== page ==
10. The first election of the Judges and Clerk or Clerks of the Court of Appeals shall take place on the second Monday in May, 1851, and thereafter, in each district as a vacancy may occur, by the expiration of the term of office; and the Judges of the said Court shall be commissioned by the Governor.

11. There shall be elected, by the qualified voters of this State, a Clerk of the Court of Appeals, who shall hold his office from the first election until the first Monday in August, 1858, and thereafter for the term of eight years from and after his election; and should the General Assembly provide for holding the Court of Appeals in any one or more of said districts, they shall also provide for the election of a Clerk by the qualified voters of such district, who shall hold his office for eight years, possess the same qualifications, and be subject to removal in the same manner as the Clerk of the Court of Appeals; but if the General Assembly shall, at its first or any other session, direct the Court of Appeals to hold its session in more than one district, a Clerk shall be elected by the qualified voters of such district. And the Clerk, first provided for in this section, shall be elected by the qualified voters of the other district or districts. The same principle shall be observed whenever the Court shall be directed to hold its sessions in either of the other districts. Should the number of Judges be reduced, the term of the office of Clerk shall be six years.

12. No person shall be eligible to the office of Clerk of the Court of Appeals, unless he be a citizen of the United States, a resident of the State two years next preceding his election, of the age of twenty-one years, and have a certificate from a Judge of the Court of Appeals, or a Judge of the Circuit Court, that he has been examined by the Clerk of his Court, under his supervision, and that he is qualified for the office for which he is a candidate.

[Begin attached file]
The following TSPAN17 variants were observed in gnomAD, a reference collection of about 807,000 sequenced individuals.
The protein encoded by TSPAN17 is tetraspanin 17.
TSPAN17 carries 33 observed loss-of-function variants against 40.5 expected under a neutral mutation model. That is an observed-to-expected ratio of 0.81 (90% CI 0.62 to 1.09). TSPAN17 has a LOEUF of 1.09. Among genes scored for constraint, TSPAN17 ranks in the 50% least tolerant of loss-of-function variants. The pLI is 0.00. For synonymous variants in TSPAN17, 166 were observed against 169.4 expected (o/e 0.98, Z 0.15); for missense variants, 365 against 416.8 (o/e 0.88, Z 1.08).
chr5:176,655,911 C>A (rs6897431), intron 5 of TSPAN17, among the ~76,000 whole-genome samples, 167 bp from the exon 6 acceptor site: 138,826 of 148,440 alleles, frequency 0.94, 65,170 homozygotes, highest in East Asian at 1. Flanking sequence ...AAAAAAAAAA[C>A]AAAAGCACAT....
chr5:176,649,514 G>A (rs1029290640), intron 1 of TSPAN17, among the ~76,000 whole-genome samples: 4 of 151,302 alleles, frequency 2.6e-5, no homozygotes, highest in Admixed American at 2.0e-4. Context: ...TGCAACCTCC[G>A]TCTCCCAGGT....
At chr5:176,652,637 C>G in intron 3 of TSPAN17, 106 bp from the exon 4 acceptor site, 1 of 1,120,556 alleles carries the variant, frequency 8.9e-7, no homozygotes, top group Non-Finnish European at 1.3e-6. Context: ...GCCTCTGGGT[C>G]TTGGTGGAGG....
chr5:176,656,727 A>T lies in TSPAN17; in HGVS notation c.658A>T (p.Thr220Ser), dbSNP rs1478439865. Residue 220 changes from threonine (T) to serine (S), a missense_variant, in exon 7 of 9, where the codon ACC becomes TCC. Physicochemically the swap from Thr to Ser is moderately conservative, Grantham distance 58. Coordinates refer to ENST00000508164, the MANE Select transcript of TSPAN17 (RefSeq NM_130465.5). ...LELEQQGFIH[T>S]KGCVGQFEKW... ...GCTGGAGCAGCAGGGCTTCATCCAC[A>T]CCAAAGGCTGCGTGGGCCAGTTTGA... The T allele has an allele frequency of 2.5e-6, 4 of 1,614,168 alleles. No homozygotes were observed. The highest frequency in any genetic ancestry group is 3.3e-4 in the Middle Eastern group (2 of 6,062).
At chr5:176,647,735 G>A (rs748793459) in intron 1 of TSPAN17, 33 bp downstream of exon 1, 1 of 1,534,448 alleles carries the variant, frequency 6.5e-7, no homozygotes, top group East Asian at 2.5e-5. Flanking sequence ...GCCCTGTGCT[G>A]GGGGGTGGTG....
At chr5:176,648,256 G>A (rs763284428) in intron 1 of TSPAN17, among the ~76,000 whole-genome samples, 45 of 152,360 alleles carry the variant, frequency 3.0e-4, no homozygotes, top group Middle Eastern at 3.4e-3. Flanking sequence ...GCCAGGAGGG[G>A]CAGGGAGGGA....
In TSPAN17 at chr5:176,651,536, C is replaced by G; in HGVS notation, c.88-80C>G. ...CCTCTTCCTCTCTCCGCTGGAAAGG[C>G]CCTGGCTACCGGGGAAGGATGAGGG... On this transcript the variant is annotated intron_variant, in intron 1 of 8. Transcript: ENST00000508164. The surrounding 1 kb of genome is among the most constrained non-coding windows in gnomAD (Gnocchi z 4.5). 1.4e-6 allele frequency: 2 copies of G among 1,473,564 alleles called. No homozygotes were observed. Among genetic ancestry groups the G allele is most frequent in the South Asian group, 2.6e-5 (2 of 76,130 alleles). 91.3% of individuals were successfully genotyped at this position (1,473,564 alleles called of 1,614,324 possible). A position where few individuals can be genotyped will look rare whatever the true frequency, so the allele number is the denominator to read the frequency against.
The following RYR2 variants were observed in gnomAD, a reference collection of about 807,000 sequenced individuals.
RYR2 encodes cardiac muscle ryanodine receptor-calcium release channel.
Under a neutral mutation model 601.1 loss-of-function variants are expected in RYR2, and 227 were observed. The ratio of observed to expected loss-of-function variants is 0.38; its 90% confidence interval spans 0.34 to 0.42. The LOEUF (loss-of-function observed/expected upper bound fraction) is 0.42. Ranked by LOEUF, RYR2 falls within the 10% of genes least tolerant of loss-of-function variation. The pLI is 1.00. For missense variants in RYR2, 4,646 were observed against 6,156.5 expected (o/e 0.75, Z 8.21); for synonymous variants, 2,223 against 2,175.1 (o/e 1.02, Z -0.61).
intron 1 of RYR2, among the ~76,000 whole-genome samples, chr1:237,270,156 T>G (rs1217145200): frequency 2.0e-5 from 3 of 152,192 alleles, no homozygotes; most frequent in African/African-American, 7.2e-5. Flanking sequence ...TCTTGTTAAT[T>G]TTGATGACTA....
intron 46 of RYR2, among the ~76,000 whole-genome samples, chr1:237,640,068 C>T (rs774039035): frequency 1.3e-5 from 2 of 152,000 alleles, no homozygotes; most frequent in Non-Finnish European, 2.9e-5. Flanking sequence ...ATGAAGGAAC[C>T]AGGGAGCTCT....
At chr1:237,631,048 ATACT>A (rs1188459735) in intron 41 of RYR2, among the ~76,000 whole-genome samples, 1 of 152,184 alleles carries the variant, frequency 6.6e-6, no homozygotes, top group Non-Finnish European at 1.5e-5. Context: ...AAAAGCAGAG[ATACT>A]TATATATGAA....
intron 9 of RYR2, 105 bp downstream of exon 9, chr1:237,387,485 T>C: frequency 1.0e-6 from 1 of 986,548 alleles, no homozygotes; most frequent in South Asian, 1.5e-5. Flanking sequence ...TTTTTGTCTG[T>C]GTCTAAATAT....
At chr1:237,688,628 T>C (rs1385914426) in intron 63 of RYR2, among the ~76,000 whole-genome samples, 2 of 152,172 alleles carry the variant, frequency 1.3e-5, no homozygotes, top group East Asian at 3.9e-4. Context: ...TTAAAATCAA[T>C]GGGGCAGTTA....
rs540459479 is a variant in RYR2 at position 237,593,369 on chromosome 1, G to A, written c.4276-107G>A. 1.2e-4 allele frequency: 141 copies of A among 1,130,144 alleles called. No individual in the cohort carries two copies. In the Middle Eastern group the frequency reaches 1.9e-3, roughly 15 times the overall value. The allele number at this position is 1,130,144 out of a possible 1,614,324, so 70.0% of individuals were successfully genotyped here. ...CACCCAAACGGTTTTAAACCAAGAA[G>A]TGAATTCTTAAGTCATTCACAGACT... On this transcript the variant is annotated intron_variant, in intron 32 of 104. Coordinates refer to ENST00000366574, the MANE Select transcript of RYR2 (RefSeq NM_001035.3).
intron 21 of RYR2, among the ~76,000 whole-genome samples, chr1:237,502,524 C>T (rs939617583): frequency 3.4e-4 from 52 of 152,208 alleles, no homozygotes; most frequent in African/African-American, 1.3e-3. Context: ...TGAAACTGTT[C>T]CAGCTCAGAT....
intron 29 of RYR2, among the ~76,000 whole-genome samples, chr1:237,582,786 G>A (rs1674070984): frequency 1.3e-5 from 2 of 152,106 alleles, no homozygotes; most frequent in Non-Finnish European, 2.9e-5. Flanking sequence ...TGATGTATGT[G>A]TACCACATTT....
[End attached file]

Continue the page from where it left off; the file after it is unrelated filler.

13. Should a vacancy occur in the office of Clerk of the Court of Appeals, the Governor shall issue a writ of election, and the qualified voters of the State, or of the district in which the vacancy may occur, shall elect a Clerk of the Court of Appeals, to serve until the end of the term for which such clerk was elected: Provided, that when a vacancy shall occur from any cause, or the Clerk be under charges upon information, the Judges of the Court of Appeals shall have power to appoint a Clerk pro tem, to perform the duties of Clerk until such vacancy shall be filled, or the Clerk acquitted: And, provided further, that no writ of election shall issue to fill a vacancy unless the unexpired term exceed one year.

14. The General Assembly shall direct, by law, the mode and manner of conducting and making due returns to the Secretary of State, of all elections of the Judges and Clerk or Clerks of the Court of Appeals, and of determining contested elections of any of these officers.